"Mount Rainier" by NPS/Emily Brouwer Photo , public domain
Mount Rainier Nature
Brochure about Mammals and Life Zones at Mount Rainier National Park in Washington. Published by the National Park Service (NPS).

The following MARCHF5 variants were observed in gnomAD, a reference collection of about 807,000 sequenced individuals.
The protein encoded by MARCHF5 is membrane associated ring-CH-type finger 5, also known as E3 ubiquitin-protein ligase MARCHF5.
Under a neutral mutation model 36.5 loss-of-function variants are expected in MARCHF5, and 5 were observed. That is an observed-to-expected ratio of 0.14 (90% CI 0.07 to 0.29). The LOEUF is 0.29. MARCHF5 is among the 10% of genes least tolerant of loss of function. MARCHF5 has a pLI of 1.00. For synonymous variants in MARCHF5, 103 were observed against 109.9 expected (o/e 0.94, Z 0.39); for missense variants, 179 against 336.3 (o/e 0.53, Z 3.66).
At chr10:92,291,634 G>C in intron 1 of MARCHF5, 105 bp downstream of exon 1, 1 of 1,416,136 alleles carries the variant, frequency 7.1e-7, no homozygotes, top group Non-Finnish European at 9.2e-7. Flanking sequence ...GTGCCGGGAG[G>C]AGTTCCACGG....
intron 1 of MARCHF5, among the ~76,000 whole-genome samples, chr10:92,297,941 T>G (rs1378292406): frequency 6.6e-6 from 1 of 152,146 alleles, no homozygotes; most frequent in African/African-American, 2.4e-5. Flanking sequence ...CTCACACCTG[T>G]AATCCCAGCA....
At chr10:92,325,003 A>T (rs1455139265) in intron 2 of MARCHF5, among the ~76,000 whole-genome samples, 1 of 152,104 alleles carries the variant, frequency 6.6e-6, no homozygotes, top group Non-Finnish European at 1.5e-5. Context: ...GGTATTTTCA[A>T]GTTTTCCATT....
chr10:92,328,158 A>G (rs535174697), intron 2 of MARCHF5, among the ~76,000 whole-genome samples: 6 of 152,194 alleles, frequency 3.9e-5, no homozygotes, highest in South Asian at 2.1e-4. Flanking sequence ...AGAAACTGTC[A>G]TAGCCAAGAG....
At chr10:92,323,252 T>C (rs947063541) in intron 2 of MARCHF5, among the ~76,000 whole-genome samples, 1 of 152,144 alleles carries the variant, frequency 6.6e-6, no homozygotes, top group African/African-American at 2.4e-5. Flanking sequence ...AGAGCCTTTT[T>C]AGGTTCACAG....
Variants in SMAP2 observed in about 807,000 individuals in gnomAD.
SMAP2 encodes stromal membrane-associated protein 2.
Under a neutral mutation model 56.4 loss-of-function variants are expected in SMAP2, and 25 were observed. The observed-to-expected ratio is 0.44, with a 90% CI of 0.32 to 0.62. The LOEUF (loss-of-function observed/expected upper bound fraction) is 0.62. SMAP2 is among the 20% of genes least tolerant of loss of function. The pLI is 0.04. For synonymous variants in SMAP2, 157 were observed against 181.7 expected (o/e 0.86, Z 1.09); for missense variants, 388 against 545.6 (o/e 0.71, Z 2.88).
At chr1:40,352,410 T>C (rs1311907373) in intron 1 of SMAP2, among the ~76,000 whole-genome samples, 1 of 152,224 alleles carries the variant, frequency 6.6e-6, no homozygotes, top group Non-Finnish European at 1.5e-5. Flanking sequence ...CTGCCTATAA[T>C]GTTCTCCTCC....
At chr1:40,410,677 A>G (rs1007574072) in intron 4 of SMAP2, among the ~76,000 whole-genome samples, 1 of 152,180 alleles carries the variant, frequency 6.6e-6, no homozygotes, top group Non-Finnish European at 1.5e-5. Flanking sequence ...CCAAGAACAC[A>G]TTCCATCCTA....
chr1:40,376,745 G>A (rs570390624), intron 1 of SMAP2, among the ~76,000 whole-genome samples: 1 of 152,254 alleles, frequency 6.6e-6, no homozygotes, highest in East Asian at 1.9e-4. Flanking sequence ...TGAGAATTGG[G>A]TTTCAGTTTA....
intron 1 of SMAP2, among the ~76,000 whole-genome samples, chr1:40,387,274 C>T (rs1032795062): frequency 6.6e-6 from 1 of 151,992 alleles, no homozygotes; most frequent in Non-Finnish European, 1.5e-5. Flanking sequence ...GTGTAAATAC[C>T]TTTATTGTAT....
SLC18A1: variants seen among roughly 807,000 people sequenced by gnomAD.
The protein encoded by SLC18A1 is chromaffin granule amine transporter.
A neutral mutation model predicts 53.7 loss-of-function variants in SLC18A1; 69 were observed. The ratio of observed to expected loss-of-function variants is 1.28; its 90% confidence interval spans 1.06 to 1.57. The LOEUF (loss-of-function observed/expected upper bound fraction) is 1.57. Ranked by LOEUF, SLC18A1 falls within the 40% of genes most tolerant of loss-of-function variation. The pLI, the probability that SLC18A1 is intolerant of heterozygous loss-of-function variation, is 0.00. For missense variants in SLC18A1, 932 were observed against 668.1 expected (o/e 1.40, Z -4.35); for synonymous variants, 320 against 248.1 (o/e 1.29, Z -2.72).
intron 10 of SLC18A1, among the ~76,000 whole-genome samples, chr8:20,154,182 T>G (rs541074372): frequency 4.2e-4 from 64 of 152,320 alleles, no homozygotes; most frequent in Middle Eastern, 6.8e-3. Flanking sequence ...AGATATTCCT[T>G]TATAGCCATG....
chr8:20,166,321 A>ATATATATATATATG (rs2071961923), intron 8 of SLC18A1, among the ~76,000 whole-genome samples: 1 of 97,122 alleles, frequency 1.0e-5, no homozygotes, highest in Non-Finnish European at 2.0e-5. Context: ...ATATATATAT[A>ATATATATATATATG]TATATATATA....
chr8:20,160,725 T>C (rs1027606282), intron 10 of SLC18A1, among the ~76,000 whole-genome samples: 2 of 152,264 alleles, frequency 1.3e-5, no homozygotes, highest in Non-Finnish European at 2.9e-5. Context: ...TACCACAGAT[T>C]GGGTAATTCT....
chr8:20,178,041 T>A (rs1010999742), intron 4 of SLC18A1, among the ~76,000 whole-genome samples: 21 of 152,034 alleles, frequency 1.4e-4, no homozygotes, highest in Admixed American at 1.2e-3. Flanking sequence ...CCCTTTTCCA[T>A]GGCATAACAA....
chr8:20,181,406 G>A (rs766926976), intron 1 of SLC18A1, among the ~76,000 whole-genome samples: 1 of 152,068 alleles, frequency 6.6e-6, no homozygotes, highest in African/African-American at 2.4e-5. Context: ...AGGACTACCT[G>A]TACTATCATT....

Mount Rainier National Park National Park Service U.S. Department of the Interior Mammals and Life Zones Just as people have adapted to living in nearly every climate imaginable, our fellow mammals have come to occupy many different life zones around the world. These life zones, like big neighborhoods, provide many different habitats where animals can find food, water, shelter, and space. More than fifty different kinds of mammals live in the life zones found in Mount Rainier National Park. Some are specially adapted to one life zone, while others range through several. Imagine taking a very long walk from the edge of the park up to the summit of the mountain. What kinds of life zones would you see? What kinds of mammals would you find in each one? Looking at life zones can help us better understand and appreciate mammal adaptations and the struggle to survive––a trait all living things share. Lowland Forest Zone Douglas squirrel Pacific Silver Fir Zone Mountain goats live in the Alpine Zone You’re in the lowland forest when you enter the park and find yourself sheltered by giant trees, dense shrubs and brush. The old-growth forests of this zone have trees towering 250 feet (76 m) or more, reaching diameters of 100 inches (2.54 m). Found between 2,000 and 3,000 feet in elevation (610-914 m), this zone is crowded with Douglas fir, western hemlock, and western red cedar. If you pass a pond or a lake, you might see evidence of beavers. Beavers eat tree bark and “girdle” trees which they can later use to make dams and lodges. Look for signs of gnawed trees as you walk through this zone. And listen overhead for the chirping sound of the Douglas squirrel, also known as a chickaree. You’ll probably notice how it got its name: it will shout out chickareeeeee! as you pass. A subtle change in the types of trees and thickness of forest undergrowth might clue you in when you arrive at the edge of the Pacific silver fir zone. It stretches between 3,000 and 4,500 feet (914-1372 m) in elevation. The climate here is slightly cooler and wetter than in the lowland forest. You’ll recognize Pacific silver fir, noble fir, western white pine, western hemlock, and Douglas fir trees all around you. If you walk through this zone during the night, you may be lucky enough to hear the soft thwack of flying squirrels jumping and gliding from one tree to another. They have extra skin under their arms and legs, and they stretch them out and sail like kites from high up in the trees right down to the ground. In the daylight you might catch a glimpse of a bear cub climbing up a tree. Like some other mammals, bears seasonally wander through many different life zones in search of available food. Black bear cub Subalpine Zone You know you’ve entered this zone when you see mountain hemlock trees. They have short, stubby needles like their cousins in the lowland forest, but these needles form beautiful star-shaped bundles on the branch. You’ll still see a few Pacific silver fir, mixed in with whitebark pine. Stands of subalpine fir, Alaska yellow cedar, and Engelmann spruce will begin to appear as you climb higher. The subalpine zone is generally found between 4,500 and 6,500 feet (1372-1981 m). As you climb into this colder, snowier zone, the continuous forest gives way to patches of trees surrounded by meadows of colorful wildflowers, where deer and elk come to graze and browse in the sunshine. Elk Alpine Zone Here’s one zone you can’t miss––no trees grow here. Some parts of the alpine zone are covered with flowers and grasses in the summer; others are blanketed by snowfields that never melt and glaciers of blue ice. This zone starts between 6,000 and 7,500 feet (18282286 m) and goes all the way to the 14,410-foot (4392 m) summit of Mount Rainier! Marmot What mammals could ever survive up here? You hear a high-pitched whistle, and in a rock pile you see what looks like a big fat mouse with round ears and no tail. A pika gathers leaves, flowers, and the fruits of alpine plants to dry in the sun and store for winter. Another rodent, the marmot (left), doesn’t gather food, but hibernates instead. It can sleep more than half the year in its burrow until the snow melts. Mammals of Mount Rainier Bears - family Ursidae black bear Ursus americanus Shrew - family Soricidae common / masked shrew Trowbridge shrew wandering shrew dusky shrew water shrew marsh shrew Sorex cinerea Sorex trowbridgii Sorex vagrans Sorex monticolus Sorex palustris Sorex bendirii Mole - Family Talpidae shrew-mole Townsend mole coast mole Neurotrichus gibbsii Scapanus townsendii Scapanus orarius Why Latin? Most people just call animals by their common names. But it’s good to know the Latin, because common names can be confusing. For example, Aplodontia rufa has many names: boomer, sewellel, and chehalis. It’s also called a mountain beaver, even though it’s not a beaver at all (see list below). Latin names are also good for international travelers who might not know the common name but recognize the Latin. It is, after all, the language of science all over the world. Porcupines - family Erethizontidae porcupine Erethizon dorsatum Pikas - family Ochotonidae pika Ochotona princeps Bats - family Verspertilionidae Yuma myotis Myotis yumanensis hairy-winged bat Myotis volans silver-haired bat Lasionycteris noctivagans big brown bat Eptesicus fuscus hoary bat Lasiurus cinereus Townsend’s big-eared bat Corynorhinus townsendii Marmots, squirrels, and chipmunks - family Sciuridae hoary marmot Marmota caligata golden-mantled ground squirrel Spermophilus saturatus yellow pine chipmunk Tamias amoenus Townsend’s chipmunk Tamias townsendii Douglas squirrel Tamiasciurus douglasii northern flying squirrel Glaucomys sabrinus Golden-mantled ground squirrel Raccoons - family Procyonidae raccoon Procyon lotor Weasels, skunks, and their allies - family Mustelidae American marten Martes americana fisher Martes pennanti short-tailed weasel, ermine Mustela erminea long-tailed weasel Mustela frenata mink Mustela vison spotted skunk Spilogale putorius striped skunk Mephitis mephitis Marten Pika Red Fox Foxes, wolves, and coyotes - family Canidae coyote Canis latrans red fox Vulpes vulpes Jumping mice - family Zapodidae Pacific jumping mouse Zapus trinotatus Mice, rats, and voles - family Cricetidae deer mouse Peromyscus maniculatus pack rat, bushy-tailed woodrat Neotoma cinerea Gapper’s red-backed mouse Clethrionomys gapperi heather vole Phenacomys intermedius water vole Microtus richardsoni long-tailed vole Microtus longicaudus Townsend’s vole Microtus townsendii Rabbits and hares - family Leporidae snowshoe hare, varying hare Lepus americanus Deer - family Cervidae elk, wapiti black-tailed deer mule deer Cervus elaphus Odocileus hemionus columbianus Odocileus hemionus hemionus Goats - family Bovidae mountain goat Oreamnos americanus Beavers - family Castoridae beaver Castor canadensis Apoldontias - family Aplodontiidae mountain beaver, boomer Aplodontia rufa Cougar Cats - family Felidae mountain lion, cougar, puma Puma concolor bobcat Lynx rufus lynx (not seen since 1906) Lynx canadensis Pocket Gophers - family Geomyidae northern pocket gopher Thomomys talpoides How Can I Learn More? Check out Cascade-Olympic Natural History by Daniel Mathews; Mount Rainier’s Mammals by M. L. Schamberger; and Plants and Animals of Mount Rainier by Joe Dreimiller. The best way to learn about mammals, though, is to look for them in the wild! E X P E R I E N C E Y O U R A M E R I C A 12/18 www.nps.gov/mora